Follow Peter Harte as he commutes from one end of the city to the other through all seasons and shares his recommendations on the safest, smoothest, and fastest routes in this dandy series. You can read this first installment here, the second post here and the rest are linked below. Safe rides everyone!
Peter's Commute Part 6: Yorkville to Classic Coin Carwash
Four Season Hotel Yorkville (Bay St. and Yorkville Ave.) to Classic Coin Carwash (College St and Lansdowne Ave.)
Photos and Story by Peter Harte
I have pride in the way my bike looks. I spent a decent chunk of change on it and so I want it to last and look the best it can. And since it is going between my legs on a daily basis, I better keep it looking sexy. So I clean it at the nearest self-serve carwash and power blast out the grime and salt that builds up in the winter.
One day after work last winter I had to go to some fancy holiday event at the Four Season Hotel in Yorkville. During that wintry afternoon the weather turned to real wet, slushy snow, but I already planned travel there on my bike. So I bundled up, biked uptown, and did a full quick change in a bathroom stall and damn it I felt like Wonder Woman. After the event, when I returned to my beloved bike, I saw how dirty it had gotten from that commute. Maybe it had something to do with the event I just came from? Or maybe it was the Yorkville influence getting to me? But I felt like I needed to bike across to the Classic Coin Carwash at College and Lansdowne and power wash the heck out of my million-dollar-baby’s cracks and crevices. Some people give me strange looks when I’m there, but I think it’s because they realize how great of an idea it is to wash your bike there. Two minutes, 2 dollars, and you’re done.
Now that Bloor St has bike lanes, I have chosen to use Bloor to travel west. Whereas I previously would have avoided Bloor at all costs. The easiest and most direct way to get onto Bloor from the Four Seasons Hotel would to just go straight south down Bay, and turn right on Bloor. But sometimes I like to bike through pockets that I don’t often frequent so I can rediscover the city time and time again.
I decided to turn right on Yorkville Ave, and cruise through one of Toronto’s most affluent neighbourhoods and what must be one of the more expensive shopping areas in the city. That being said, Yorkville is definitely not a bike friendly neighbourhood. A lot of pedestrian and vehicular traffic crowds these streets and tourists will cross the road however and whenever they please. When you enter areas like this it’s best to just accept the bad etiquette. Slow your pace right down, focus on the road and expect everyone to jump out in front of you. Or you can stand right in the middle of the road and take photos of an expensive car for sale. It’s areas like this that I understand I cannot expect people to accommodate me. Yes, I am on the road and deserve the same rights as a driver, but I feel this neighbourgood (and others like it) is an exception and all that I expect is simple respect for my space. I’m not on the street long anyway before I have to turn left on Avenue Rd. and then make a right turn onto Bloor St to enjoy the newly installed bike lanes.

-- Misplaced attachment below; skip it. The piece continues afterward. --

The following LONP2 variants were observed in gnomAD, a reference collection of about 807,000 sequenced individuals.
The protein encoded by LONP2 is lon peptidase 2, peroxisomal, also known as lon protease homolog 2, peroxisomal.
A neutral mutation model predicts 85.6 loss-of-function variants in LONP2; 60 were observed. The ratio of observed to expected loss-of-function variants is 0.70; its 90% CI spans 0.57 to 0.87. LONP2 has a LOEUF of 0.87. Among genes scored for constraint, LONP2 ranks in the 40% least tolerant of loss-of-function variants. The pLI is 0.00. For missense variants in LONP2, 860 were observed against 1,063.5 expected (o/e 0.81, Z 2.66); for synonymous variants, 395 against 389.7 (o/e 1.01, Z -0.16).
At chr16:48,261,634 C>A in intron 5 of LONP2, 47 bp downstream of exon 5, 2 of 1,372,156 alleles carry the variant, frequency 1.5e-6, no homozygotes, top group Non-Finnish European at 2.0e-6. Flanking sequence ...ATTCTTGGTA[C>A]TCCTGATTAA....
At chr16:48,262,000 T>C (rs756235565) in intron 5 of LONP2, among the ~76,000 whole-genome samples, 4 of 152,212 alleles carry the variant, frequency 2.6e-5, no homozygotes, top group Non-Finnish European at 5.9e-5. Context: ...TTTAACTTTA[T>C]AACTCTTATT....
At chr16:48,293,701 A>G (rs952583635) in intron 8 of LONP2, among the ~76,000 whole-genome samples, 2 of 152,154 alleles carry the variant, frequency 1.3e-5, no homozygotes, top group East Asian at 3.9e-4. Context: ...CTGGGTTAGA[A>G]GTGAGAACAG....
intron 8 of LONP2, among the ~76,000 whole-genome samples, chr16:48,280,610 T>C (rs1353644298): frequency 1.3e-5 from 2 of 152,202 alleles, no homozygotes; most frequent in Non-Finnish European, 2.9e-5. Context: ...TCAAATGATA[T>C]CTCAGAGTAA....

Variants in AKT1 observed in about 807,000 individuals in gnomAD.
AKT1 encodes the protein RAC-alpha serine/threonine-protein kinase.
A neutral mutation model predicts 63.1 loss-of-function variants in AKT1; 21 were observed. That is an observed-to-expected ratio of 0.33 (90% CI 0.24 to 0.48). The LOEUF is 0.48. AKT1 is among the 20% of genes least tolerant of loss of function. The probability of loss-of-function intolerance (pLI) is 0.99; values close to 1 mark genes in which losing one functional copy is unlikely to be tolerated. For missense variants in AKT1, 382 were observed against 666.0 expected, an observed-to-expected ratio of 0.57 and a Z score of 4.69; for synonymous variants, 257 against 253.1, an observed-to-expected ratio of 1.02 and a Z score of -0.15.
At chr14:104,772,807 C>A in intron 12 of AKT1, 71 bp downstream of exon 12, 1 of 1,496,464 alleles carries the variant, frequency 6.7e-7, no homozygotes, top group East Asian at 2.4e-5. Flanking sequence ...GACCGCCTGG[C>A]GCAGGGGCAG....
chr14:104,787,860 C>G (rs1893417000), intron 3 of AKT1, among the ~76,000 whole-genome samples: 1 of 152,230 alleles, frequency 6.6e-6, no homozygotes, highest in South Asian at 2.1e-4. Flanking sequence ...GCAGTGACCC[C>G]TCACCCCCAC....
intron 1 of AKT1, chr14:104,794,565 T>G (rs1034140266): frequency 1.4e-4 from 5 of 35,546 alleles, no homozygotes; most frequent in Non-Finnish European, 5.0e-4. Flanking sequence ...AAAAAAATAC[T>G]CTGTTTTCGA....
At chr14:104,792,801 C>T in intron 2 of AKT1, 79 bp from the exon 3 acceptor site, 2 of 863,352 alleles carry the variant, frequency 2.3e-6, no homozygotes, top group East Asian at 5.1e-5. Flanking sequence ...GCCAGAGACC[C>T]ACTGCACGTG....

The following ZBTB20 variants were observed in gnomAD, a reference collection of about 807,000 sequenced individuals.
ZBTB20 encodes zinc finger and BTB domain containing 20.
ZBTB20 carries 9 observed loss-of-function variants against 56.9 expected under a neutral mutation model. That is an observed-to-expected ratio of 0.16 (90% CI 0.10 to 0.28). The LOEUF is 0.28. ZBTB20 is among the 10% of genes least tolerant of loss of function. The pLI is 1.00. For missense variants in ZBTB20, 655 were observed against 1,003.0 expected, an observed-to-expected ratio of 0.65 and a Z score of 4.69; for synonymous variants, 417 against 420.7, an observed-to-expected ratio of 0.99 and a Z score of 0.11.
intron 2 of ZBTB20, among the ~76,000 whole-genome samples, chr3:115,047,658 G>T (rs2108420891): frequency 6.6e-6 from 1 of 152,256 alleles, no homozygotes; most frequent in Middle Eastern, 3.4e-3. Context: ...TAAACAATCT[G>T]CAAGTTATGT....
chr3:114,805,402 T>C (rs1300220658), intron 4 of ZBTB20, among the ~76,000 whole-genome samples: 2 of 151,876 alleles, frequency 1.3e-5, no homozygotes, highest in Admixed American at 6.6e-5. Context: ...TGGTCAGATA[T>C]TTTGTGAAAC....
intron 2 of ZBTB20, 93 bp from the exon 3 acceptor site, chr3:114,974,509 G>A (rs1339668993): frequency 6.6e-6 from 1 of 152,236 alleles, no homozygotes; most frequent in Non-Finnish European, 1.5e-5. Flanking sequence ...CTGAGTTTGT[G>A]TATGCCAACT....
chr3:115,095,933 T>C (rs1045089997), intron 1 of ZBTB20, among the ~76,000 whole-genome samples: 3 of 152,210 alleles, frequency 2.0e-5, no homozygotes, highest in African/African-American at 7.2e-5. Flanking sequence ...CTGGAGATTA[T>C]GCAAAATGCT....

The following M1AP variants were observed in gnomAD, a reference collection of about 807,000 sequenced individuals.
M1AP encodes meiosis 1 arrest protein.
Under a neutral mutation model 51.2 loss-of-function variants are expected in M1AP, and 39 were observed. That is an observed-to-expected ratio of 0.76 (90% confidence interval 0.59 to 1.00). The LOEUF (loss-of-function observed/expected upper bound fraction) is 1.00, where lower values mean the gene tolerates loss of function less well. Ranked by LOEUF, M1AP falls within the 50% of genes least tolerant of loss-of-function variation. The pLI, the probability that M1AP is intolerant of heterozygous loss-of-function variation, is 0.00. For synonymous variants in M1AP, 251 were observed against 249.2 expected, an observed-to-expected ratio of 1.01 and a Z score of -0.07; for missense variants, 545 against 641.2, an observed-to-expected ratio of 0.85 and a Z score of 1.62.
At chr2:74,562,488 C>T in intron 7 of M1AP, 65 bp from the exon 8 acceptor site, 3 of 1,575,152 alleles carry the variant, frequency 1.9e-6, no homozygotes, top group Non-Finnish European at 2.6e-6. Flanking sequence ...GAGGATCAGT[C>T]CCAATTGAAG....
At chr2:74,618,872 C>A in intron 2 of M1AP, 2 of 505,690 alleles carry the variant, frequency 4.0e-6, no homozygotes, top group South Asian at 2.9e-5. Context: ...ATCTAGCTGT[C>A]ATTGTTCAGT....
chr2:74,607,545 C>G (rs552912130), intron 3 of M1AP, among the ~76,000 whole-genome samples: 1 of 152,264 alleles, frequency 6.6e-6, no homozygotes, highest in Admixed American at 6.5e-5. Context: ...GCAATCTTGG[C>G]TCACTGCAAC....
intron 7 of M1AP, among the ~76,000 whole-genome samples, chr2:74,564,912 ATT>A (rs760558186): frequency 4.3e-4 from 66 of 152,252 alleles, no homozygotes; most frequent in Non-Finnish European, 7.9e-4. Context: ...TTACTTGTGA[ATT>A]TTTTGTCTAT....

I’ll take a minute to say that I am very happy that Bloor street finally has designated bike lane though. It was a major win for Toronto’s bike infrastructure! I don’t want to sound like I’m complaining when I point out some of its problems though. Mostly it’s the narrow size of the lanes that make me feel uncomfortable using them. Which has been echoed by other observers during our bike spotting outings on Bloor. Bloor’s notoriously busy sidewalks are on your right, and on your left is car parking, so if someone steps into the bike lane off the sidewalk, you might not have anywhere to go. It’s also very hard to safely pass another cyclist, which you often have to do because this lane is so popular. Another issues noted by our contributor Albert Koehl. The gutters right next to the curb are in very poor shape in some spots and it can easily eat 8 inches into your already narrow lane. But I guess on the flip side with all these things considered, no one should be cycling too fast on this road anyway because of how busy it is. Even if you’re riding fast and alert, you never know what is going to unexpectedly come in front of you.
So I safely bike across Bloor and pass Christie Pits Park, which is stunning this time of year and noticed that the bike lane have widened a fair bit as well. I choose to take Montrose Ave to begin heading south because I know that Shaw St is the busier option. I think this is because the Bloor bike lane ends at Shaw and it seems that the majority of cyclists will use that street by default. Both Montrose and Shaw have bike lanes, sharrows, and tree-lined streets to enjoy, so I prefer the least busy option.
Once I reach College St, it’s a right turn to continue westwards towards that car wash. College does have bike sharrows, but they're shared with street parking so you often don’t have much space officially designated to ride in. However the lanes are quite wide and I don’t feel unsafe when I find myself cycling between traffic and parked cars.
I feel like this image of the cars and tracks is so quintessentially Toronto.
When I arrive at Lansdowne the carwash is full and has a lineup waiting. I’m not really one for lineups of any kind. So I don’t have any fun footage of my bike getting cleaned with the power hose, which I was hoping to share with you. You’ll have to imagine.
OH! When I was around here I noticed that Lansdowne now has a bike lane. Which is great especially when going under that steep hill just south of Dundas. I remember way back (maybe 2009) hearing about approved bike lanes for Lansdowne, but years passed without any movement. Well, now it looks like they’re here. Hooray, another victory!